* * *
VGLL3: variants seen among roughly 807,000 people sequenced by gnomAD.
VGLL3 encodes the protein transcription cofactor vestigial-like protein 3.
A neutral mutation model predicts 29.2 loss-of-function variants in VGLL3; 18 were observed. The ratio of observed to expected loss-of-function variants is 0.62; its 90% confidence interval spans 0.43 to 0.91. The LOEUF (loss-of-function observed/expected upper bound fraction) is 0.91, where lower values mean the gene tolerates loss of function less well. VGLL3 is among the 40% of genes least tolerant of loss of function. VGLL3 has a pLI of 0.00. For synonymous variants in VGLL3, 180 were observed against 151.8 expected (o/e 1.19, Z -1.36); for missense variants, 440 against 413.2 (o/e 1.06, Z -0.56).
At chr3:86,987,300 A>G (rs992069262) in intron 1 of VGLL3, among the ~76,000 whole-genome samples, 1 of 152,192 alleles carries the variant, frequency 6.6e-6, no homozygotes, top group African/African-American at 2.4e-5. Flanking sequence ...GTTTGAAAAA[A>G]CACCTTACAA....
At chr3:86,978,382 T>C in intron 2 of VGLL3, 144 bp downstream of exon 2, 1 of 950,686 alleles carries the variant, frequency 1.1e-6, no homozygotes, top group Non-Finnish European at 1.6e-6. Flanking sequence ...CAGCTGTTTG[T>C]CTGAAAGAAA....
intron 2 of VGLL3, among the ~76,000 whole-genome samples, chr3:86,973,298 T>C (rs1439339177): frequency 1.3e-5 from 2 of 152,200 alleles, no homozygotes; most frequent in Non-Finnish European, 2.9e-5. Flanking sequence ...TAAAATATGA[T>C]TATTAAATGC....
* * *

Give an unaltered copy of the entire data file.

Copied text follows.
VGLL3: variants seen among roughly 807,000 people sequenced by gnomAD.
VGLL3 encodes the protein transcription cofactor vestigial-like protein 3.
A neutral mutation model predicts 29.2 loss-of-function variants in VGLL3; 18 were observed. The ratio of observed to expected loss-of-function variants is 0.62; its 90% confidence interval spans 0.43 to 0.91. The LOEUF (loss-of-function observed/expected upper bound fraction) is 0.91, where lower values mean the gene tolerates loss of function less well. VGLL3 is among the 40% of genes least tolerant of loss of function. VGLL3 has a pLI of 0.00. For synonymous variants in VGLL3, 180 were observed against 151.8 expected (o/e 1.19, Z -1.36); for missense variants, 440 against 413.2 (o/e 1.06, Z -0.56).
At chr3:86,987,300 A>G (rs992069262) in intron 1 of VGLL3, among the ~76,000 whole-genome samples, 1 of 152,192 alleles carries the variant, frequency 6.6e-6, no homozygotes, top group African/African-American at 2.4e-5. Flanking sequence ...GTTTGAAAAA[A>G]CACCTTACAA....
At chr3:86,978,382 T>C in intron 2 of VGLL3, 144 bp downstream of exon 2, 1 of 950,686 alleles carries the variant, frequency 1.1e-6, no homozygotes, top group Non-Finnish European at 1.6e-6. Flanking sequence ...CAGCTGTTTG[T>C]CTGAAAGAAA....
intron 2 of VGLL3, among the ~76,000 whole-genome samples, chr3:86,973,298 T>C (rs1439339177): frequency 1.3e-5 from 2 of 152,200 alleles, no homozygotes; most frequent in Non-Finnish European, 2.9e-5. Flanking sequence ...TAAAATATGA[T>C]TATTAAATGC....